Brexit: EU tells UK it must set out plans for Northern Ireland customs checks

EU Commision warns time is running out after first committee meeting on NI protocol

EU Brexit negotiator Michel Barnier: the commission told member states that the Northern Ireland protocol was the biggest challenge in implementing the withdrawal agreement. Photograph: Olivier Matthys/Pool via Reuters

EU Brexit negotiator Michel Barnier: the commission told member states that the Northern Ireland protocol was the biggest challenge in implementing the withdrawal agreement. Photograph: Olivier Matthys/Pool via Reuters

 

European Union officials have told Britain it must set out its plans for customs and other checks under the Northern Ireland protocol, as Northern business representatives urged Westminster to offer more clarity. Both the EU and Britain described the first meeting of a specialised committee on the protocol as constructive but the European Commission warned that time was running out.

“As time is short, the commission underlines the importance of the UK setting out its plans with regard to all implementation measures prescribed by the protocol on Ireland/Northern Ireland and providing a detailed timetable. The exchanges in the specialised committee now urgently need to be followed up by tangible measures,” it said.

Earlier, the commission told member states that the Northern Ireland protocol was the biggest challenge in implementing the withdrawal agreement governing Britain’s exit from the EU. In a technical note seen by The Irish Times, the commission said the most politically sensitive issue required the most extensive adaptations by businesses and needed the most timely preparation.

“To avoid disruptions of business activity, the United Kingdom should urgently engage with the business community in Northern Ireland, as businesses must be able to prepare for the new requirements well in advance. The commission services are available to provide any assistance that may be required,” the note says.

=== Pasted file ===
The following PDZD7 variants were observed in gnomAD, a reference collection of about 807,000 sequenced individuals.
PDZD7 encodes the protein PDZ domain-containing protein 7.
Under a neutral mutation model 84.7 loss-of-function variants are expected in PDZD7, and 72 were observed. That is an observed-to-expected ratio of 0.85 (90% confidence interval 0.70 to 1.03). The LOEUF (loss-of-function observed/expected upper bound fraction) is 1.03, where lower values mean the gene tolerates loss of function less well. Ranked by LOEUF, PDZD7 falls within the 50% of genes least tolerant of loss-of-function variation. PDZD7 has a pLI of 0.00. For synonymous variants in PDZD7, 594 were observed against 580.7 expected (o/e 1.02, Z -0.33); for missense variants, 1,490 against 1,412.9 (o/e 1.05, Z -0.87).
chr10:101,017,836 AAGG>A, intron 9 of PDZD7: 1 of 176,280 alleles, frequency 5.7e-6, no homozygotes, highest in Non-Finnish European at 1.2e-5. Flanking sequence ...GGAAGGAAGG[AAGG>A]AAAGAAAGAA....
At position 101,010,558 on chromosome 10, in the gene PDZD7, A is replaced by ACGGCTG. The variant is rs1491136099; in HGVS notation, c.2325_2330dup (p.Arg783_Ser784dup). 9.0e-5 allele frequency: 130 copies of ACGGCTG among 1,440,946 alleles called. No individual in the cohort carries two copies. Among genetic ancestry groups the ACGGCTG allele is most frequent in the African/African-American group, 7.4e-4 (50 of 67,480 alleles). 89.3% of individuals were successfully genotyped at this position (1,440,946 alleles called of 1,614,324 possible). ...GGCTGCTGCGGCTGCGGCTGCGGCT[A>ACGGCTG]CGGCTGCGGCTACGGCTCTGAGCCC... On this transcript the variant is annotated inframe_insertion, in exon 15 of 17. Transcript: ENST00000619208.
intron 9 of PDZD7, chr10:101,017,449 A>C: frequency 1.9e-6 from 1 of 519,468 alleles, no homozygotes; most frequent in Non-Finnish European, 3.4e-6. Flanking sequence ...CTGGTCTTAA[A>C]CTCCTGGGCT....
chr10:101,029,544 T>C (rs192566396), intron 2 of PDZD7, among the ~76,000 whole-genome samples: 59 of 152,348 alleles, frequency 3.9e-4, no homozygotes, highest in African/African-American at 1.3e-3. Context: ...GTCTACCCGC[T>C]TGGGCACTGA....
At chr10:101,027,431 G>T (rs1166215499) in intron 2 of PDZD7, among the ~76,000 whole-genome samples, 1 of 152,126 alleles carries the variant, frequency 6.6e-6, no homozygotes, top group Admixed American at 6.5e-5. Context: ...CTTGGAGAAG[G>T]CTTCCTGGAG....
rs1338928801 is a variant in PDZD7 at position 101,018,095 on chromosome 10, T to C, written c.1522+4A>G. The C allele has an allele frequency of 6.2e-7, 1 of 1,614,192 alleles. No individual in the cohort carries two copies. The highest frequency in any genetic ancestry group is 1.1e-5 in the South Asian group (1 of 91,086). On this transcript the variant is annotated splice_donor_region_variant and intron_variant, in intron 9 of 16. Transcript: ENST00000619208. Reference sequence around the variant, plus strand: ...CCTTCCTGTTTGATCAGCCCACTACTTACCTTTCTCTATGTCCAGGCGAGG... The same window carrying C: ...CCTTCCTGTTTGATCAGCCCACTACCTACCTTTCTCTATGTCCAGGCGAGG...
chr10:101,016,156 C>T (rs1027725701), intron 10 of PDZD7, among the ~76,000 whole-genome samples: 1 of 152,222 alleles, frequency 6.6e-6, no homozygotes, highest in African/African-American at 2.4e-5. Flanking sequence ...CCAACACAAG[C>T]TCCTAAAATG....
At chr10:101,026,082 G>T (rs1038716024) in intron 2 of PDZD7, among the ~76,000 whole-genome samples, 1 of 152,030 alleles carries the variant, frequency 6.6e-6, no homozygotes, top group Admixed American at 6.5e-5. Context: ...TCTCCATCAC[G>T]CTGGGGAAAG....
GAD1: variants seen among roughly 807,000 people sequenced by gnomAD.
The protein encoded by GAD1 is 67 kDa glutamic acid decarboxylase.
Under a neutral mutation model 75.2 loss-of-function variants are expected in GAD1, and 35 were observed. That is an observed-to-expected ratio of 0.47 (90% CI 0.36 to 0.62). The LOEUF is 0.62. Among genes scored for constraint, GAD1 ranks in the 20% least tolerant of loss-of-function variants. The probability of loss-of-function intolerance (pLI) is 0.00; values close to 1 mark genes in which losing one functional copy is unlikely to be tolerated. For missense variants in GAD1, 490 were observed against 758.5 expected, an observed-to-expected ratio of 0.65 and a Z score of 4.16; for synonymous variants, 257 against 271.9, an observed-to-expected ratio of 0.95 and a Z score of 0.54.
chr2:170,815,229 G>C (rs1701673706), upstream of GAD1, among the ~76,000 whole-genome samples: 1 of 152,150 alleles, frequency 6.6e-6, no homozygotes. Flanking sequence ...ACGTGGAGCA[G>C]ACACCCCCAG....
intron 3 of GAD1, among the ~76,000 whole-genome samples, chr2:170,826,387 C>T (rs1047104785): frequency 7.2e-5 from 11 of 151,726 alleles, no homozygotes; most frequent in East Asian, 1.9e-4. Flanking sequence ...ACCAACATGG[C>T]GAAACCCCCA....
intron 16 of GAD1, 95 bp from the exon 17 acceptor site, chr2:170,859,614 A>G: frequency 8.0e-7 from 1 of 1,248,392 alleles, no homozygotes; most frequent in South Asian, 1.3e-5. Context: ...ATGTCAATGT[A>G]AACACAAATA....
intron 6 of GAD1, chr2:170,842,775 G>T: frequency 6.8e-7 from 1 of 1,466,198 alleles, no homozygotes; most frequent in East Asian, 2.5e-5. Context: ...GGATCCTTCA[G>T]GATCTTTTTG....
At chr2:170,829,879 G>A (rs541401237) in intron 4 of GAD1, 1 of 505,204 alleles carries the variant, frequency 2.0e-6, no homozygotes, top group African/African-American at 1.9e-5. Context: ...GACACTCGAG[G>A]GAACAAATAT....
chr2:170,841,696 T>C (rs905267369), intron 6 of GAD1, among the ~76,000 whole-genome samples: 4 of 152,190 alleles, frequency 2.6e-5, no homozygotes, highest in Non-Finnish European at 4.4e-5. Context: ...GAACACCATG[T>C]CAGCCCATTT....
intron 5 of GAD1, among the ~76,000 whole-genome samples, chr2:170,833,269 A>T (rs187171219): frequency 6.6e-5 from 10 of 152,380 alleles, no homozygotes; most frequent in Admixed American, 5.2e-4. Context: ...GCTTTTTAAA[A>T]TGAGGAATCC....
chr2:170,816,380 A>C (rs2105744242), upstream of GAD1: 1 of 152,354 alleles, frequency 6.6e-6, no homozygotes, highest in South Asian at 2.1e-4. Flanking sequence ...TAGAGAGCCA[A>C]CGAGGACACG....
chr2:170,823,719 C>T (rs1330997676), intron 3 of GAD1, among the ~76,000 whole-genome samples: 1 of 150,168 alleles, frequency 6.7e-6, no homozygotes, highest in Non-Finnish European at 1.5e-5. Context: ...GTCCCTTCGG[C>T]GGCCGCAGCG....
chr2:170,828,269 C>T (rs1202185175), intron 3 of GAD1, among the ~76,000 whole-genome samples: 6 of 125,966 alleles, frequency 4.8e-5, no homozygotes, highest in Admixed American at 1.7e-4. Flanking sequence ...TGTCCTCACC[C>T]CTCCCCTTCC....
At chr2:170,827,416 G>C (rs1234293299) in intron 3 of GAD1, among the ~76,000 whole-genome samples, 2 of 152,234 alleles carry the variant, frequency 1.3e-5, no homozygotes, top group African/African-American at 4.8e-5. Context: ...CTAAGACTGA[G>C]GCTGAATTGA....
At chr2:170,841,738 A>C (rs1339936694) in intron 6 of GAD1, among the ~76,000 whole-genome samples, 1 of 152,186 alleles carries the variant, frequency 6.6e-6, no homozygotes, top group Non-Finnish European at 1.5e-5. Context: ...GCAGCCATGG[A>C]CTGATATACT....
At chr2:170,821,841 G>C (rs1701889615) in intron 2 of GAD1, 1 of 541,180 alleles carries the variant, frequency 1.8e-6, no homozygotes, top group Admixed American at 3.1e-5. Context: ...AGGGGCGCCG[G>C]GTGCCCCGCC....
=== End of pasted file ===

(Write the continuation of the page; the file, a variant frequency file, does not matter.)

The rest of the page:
“The commission expects the United Kingdom to provide the requested details, and detailed timelines, on the implementation measures it intends to take as a matter of urgency. The commission also expects the United Kingdom to enter into technical implementation discussions with the relevant commission services immediately.”

Thursday’s meeting, which was conducted virtually, was co-chaired by officials from Britain and the European Commission and attended by Irish and Northern Irish officials and representatives from a number of other member states.

“The UK was clear that our approach at all times will be focused on protecting the Belfast/Good Friday Agreement and gains of the peace process, and on preserving Northern Ireland’s place in the UK. UK officials reaffirmed our commitment to complying with our legal obligations under the protocol, just as we expect the EU to comply with theirs,” the British government said in a statement.

MPs on the Northern Ireland Affairs committee on Thursday heard calls from business, farming and retail representatives in the North for more clarity about how Britain plans to implement the protocol.

Aodhan Connolly of the Northern Ireland Retail Consortium said the details needed to be pinned down and businesses needed to hear how the cost of extra paperwork would be mitigated.

“If we don’t have those mitigations there is a simple equation. If the new costs because of this protocol are higher than the profit margin, either the product or the business model becomes unviable. It is as simple as that.”